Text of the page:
Here’s a little something to inspire your New Year’s resolutions.
A little while ago I asked David Heinemeier Hansson,
a few questions about how he manages to contribute as much as he does. If you don’t already know David, he’s the author of Ruby on Rails, Basecamp, Backpack, and #34 on Business 2.0’s list of people who matter.
I knew from past conversations that he’s an avid believer in goal-setting, a belief that I share. Though important, goal-setting can be tricky to master. Both the importance and the trickiness can be witnessed by the enormous number of titles on the topic. That’s why I wanted to know more about how David handles it.
It turns out we also share a belief that it’s both possible and desirable to change yourself. This is something that means a lot to me, as I’ve always believed this to be the case, yet it’s also something I’ve been ridiculed for. So it’s good to see that it’s working for someone like David, that’s it’s not just me being silly.
What specifically do I mean by changing yourself? What I mean is that you can rid yourself of patterns in your behavior or emotions that get in your way, you can replace beliefs that hold you back with beliefs that move you forward, and you can acquire new skills in the areas you choose, to give just a few examples. Overall,I mean that not changing, not growing is just a premature form of death.
Following the lead of what makes you happy is where the brilliance lies. That’s how goals and changes get anchored to your emotions, your psyche, your unconscious, your self. That’s how you ensure that your goals are ones that you both can and want to achieve, that they’re right for you, that you’re not “living someone else’s life” in the words of Steve Jobs. If it really makes you happy, you’re onto something.
Overall, I’m fascinated by what makes people do what they do. Especially when they do great things, like David.
Anyway, enough introduction. Enjoy the interview below!
Explain the role that goal setting plays in your life.
Goals are one of my primary tools for self-improvement, for changing
who I am. I’m a strong believer in the adaptable self. Not only that
it’s possible, but that it’s strongly desirable too. I can not stand
the term “that’s just who I am” as a defensive argument to recognized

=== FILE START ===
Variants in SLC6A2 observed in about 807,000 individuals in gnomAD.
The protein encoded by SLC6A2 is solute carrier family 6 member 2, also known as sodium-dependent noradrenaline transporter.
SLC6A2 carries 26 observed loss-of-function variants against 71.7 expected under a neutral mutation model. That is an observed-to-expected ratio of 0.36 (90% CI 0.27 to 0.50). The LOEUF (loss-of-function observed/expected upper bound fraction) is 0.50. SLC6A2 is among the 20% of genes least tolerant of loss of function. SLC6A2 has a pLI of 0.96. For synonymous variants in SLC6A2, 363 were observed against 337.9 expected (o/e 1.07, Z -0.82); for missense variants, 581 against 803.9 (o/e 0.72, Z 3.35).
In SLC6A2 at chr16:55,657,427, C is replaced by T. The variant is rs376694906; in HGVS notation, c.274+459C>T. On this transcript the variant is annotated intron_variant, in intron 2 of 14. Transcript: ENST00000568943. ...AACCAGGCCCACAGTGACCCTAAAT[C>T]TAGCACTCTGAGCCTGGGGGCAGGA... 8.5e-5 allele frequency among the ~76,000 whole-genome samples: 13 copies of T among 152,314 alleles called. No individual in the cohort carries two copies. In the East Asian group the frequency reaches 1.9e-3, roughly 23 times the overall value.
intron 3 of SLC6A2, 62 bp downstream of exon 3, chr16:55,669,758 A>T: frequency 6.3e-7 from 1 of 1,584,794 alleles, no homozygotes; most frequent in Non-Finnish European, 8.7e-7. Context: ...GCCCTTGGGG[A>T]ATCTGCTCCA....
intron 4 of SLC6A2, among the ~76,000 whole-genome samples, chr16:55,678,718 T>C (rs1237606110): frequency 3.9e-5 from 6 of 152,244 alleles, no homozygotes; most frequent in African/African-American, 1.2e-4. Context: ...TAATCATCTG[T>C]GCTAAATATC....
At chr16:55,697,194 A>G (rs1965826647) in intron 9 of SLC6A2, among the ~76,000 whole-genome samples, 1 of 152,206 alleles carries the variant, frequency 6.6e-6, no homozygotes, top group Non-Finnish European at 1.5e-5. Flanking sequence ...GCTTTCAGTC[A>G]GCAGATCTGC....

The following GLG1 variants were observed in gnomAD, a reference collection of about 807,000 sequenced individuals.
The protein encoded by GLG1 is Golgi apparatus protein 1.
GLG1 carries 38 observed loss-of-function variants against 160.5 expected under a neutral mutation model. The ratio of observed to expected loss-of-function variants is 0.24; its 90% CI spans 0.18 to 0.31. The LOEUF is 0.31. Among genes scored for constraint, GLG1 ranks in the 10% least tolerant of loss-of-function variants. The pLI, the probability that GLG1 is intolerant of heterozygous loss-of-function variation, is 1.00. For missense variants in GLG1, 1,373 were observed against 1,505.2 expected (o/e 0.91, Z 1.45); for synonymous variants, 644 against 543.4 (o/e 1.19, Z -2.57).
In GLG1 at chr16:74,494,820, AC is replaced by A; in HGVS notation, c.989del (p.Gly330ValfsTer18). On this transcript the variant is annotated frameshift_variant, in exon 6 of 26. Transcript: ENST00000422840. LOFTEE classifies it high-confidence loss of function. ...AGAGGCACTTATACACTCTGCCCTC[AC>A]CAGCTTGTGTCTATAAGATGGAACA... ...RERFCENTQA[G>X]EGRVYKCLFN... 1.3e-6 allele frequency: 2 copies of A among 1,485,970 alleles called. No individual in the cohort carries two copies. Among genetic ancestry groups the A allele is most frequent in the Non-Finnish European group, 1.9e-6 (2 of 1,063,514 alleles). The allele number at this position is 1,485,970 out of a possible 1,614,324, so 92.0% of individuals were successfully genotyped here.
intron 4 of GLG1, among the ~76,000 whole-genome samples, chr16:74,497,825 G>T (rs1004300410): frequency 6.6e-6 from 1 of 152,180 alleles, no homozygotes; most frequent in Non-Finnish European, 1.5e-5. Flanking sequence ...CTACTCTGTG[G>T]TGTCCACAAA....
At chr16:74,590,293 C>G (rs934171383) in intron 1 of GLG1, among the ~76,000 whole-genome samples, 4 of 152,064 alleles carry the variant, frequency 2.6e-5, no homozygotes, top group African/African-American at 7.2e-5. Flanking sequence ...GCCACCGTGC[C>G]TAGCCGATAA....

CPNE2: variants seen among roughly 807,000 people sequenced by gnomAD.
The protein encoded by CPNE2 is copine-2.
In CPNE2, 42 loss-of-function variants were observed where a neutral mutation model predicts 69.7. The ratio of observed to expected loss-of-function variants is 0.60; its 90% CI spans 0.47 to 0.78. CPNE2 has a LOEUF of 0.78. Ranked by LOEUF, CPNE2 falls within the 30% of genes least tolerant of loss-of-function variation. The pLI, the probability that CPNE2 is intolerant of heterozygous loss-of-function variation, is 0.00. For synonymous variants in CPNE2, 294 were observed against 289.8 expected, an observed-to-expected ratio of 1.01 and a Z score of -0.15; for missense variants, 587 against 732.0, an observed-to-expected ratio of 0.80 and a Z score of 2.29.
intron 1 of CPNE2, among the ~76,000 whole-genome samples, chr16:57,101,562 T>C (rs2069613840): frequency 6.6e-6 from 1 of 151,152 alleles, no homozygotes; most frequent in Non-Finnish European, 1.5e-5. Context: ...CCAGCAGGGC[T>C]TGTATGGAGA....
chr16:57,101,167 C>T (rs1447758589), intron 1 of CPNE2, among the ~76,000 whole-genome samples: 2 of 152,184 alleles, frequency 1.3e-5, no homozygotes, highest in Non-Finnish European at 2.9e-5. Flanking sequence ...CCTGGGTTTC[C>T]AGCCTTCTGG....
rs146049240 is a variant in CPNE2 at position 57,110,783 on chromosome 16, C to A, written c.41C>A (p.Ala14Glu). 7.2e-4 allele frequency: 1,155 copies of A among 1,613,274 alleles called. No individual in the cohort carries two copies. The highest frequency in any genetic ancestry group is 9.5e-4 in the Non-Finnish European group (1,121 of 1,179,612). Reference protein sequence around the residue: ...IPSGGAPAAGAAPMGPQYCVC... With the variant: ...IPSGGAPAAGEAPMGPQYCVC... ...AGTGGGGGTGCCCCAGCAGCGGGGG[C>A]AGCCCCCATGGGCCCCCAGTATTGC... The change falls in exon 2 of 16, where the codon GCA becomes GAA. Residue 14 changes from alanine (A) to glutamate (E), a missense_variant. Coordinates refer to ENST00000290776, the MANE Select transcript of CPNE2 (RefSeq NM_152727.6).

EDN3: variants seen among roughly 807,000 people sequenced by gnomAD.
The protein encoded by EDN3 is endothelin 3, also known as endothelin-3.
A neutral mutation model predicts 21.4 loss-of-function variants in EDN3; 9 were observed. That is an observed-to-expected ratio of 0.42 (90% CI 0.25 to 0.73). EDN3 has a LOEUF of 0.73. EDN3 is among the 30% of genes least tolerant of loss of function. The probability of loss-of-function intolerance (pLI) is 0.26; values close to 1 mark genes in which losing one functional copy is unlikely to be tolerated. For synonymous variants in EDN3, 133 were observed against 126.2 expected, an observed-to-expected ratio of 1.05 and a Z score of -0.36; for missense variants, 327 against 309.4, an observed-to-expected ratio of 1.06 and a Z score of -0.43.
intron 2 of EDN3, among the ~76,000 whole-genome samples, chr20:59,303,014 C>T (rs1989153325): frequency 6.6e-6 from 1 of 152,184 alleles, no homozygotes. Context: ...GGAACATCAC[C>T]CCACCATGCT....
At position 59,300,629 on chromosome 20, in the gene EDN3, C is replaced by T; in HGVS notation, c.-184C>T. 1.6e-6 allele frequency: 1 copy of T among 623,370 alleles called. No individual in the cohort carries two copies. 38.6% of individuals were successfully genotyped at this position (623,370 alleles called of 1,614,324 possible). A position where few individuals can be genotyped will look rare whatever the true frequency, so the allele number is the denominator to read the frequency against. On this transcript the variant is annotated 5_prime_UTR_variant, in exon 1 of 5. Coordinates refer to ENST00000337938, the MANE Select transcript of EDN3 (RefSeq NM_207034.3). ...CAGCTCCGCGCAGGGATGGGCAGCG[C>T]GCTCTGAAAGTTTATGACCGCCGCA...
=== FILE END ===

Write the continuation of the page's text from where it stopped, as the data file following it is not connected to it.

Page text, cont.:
So if there’s something I don’t like about myself or my
situation, I try to set a goal to help me change that.
Tell me about how you got started with your approach to managing life.
Was there a specific event, person, or circumstance that got you
It usually starts by admiration. I find a product or a person that I
admire and then start thinking about how I could do or be something
something like that. I got into gaming journalism by reading and
admiring the work of Edge, the English magazine on games. I got
involved with 37signals because I admired their design work and
initially wanted to become a designer myself.
So manage is perhaps a big word to use for this as it implies a
little too much conscious effort. Goals is indeed a more precise
term. I set myself a goal, like “I want to be a gaming journalist
with as high standards as Edge”, and then that directs my actions in
a subtle, almost unconscious way.
I wish there was a more scientific explanation. But I think it comes
down to desire. How bad do you really want it? How much are you
willing to change who you are to get it? Despite what most people
say, they are usually not willing to give up what’s known and stable
for something unknown and unstable. It’s hard to prosper if you’re
not willing to be in the game.
What do you do to find out what your goals are?
I recognize both admiration and deficiencies and try to live up to
the former and eliminate the latter. It’s all happening under the
umbrella of What Makes Me Happy?, though.
What do you do to strengthen your belief and resolve? Do you
visualize? Do you have sentences you read aloud? What else?
Actually, I often use a sense of entitlement to drive me. As in, “if
that guy can do it, why the hell shouldn’t I be able to?”. It’s
inspiring to look at other people and see how they’ve made it to
success. Especially if you recognize that most of them are indeed
just normal people who had some trigger that gave them the drive to
That certainly requires some level of self-confidence. If you start
out thinking “there’s no way I could do that”, of course there will
be no way you can. That’s where goals help, it’s an intent on your
part that says “yeah, I could do that”.
Who are your heros, and what role do they play in your life? What have
you done to learn from them?
Heroes are the human part of admiration. Jerry Weinberg is probably
one of my biggest heroes. His writing is fantastic and his abilities
as a human being capable of recognizing and dealing with his and
others emotions and desires is astonishing. I highly recommend
looking into his vast authorship.
Professionally, I work with a few people I consider personal heroes,
which is fortunate. But I’ve also looked up to and enjoyed the work
of Martin Fowler, Kent Beck, and Kathy Sierra among others. I’ve
learned a tremendous amount from all.
So what will your goals for the new year be?
Post follow-up questions in the comments and I’ll take the to David if he doesn’t pop his head in here to respond.